If you return to that sweet plain I knew well.
   The one that rises from Marcabò towards Vercelli,

Remember Pier da Medicina. And you may tell
   Sir Guido and Angiolello, two gentlemen
   From Fano, that if we have foresight here in Hell

They will be thrown from their vessel, and will drown
   Near La Cattolica by a tyrant’s treachery.
   From Cyprus to Majorca, never has Neptune

Witnessed such evil in all the history
   Of pirates and Argolic raiders. Their betrayer.
   Who sees from one eye only (he holds a city

Found bitter by another who’s with me here)
   Will lure them sailing there for truce-talks, and then.
   When he has dealt with them, they’ll need no prayer

For safe winds near Focara—not ever again.”
   Then I to him, “If you’d have me be the bearer
   Of news from you to those above, explain—

What man do you mean—who found a city bitter?”
   Then he grasped one who stood near him by the jaw,
   And opened the mouth, saying “This one is the creature,

And he does not speak, who once, in exile, knew
   Words to persuade great Caesar at the Rubicon
   That hesitation was risky, a treacherous flaw,

And: ’Once he’s prepared, delaying injures a man.’ ”
   I felt dull horror at how Curio’s tongue was cut
   To a stub in his throat, whose speech had been so keen.

Then one with both hands lopped off came forward to shout,
   Raising the stumps so his cheeks were spattered by blood,
   “And remember Mosca Lamberti!—I, too, gave out

Slogans persuading to bloodshed, it was I who said
   ’What’s done is done with’: words that brought such pain
   To the Tuscan people.” Then, when he heard me add,

“—and death to your family tree,” utterly undone
   By sorrow piled on sorrow, the man fell still.
   And walked off like one whom grief had made insane.

I stayed to see more, one sight so incredible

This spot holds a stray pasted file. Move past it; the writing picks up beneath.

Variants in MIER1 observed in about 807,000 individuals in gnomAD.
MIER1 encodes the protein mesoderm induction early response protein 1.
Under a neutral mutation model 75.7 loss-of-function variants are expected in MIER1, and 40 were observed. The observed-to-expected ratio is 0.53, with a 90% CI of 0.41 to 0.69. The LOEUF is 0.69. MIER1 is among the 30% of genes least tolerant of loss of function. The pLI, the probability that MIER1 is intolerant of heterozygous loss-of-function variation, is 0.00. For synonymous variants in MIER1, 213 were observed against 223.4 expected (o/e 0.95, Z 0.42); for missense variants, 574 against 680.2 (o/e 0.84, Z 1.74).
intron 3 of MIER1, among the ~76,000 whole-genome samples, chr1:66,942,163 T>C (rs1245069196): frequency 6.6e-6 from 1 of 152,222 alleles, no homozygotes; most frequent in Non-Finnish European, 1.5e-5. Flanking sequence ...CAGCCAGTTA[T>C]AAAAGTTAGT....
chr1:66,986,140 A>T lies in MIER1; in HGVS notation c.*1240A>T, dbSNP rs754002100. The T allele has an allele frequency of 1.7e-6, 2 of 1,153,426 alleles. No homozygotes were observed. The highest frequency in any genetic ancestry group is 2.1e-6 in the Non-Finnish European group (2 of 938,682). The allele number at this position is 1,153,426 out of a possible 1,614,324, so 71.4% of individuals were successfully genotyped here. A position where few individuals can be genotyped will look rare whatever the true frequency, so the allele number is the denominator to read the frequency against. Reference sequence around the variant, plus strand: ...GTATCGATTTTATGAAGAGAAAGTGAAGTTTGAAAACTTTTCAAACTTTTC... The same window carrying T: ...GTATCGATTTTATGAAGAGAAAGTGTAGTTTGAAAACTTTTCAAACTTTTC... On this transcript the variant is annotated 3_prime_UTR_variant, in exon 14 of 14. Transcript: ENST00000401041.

As I should fear to describe, except that conscience,
   Being pure in this, encourages me to tell:

I saw—and writing it now, my brain still envisions—
   A headless trunk that walked, in sad promenade
   Shuffling the dolorous track with its companions.

And the trunk was carrying the severed head,
   Gripping it by the hair like a lantern, letting it swing,
   And the head looked up at us: “Oh me!” it cried.

He was himself and his lamp as he strode along,
   Two in one, and one in two—and how it can be,
   Only He knows, who created every thing.

Reaching the bridge, the trunk held the head up high
   So we could hear his words, which were, “Look well,
   You who come breathing to view the dead, and say

If there is a punishment harder than mine in Hell.
   Carry the word, and know me: Bertran de Born,
   Who made the father and the son rebel

The one against the other, by the evil turn
   I did the young king, counseling him to ill.
   David and Absalom had nothing worse to learn

From the wickedness contrived by Achitophel.
   Because I parted their union, I carry my brain
   Parted from this, its pitiful stem: Mark well

This retribution that you see is mine.”

—translated from the Italian
                 by Robert Pinsky

NOTE: Apparently, Dante and his contemporaries believed that Mohammed was a renegade cardinal. This divergence from historical truth amounts to the invention of an imaginary character, which the translator here indicates by retaining the Italian “Maömetto.” The meaning of Dante’s “Maömetto” cannot be adequately signified by modern English’s Mohammed.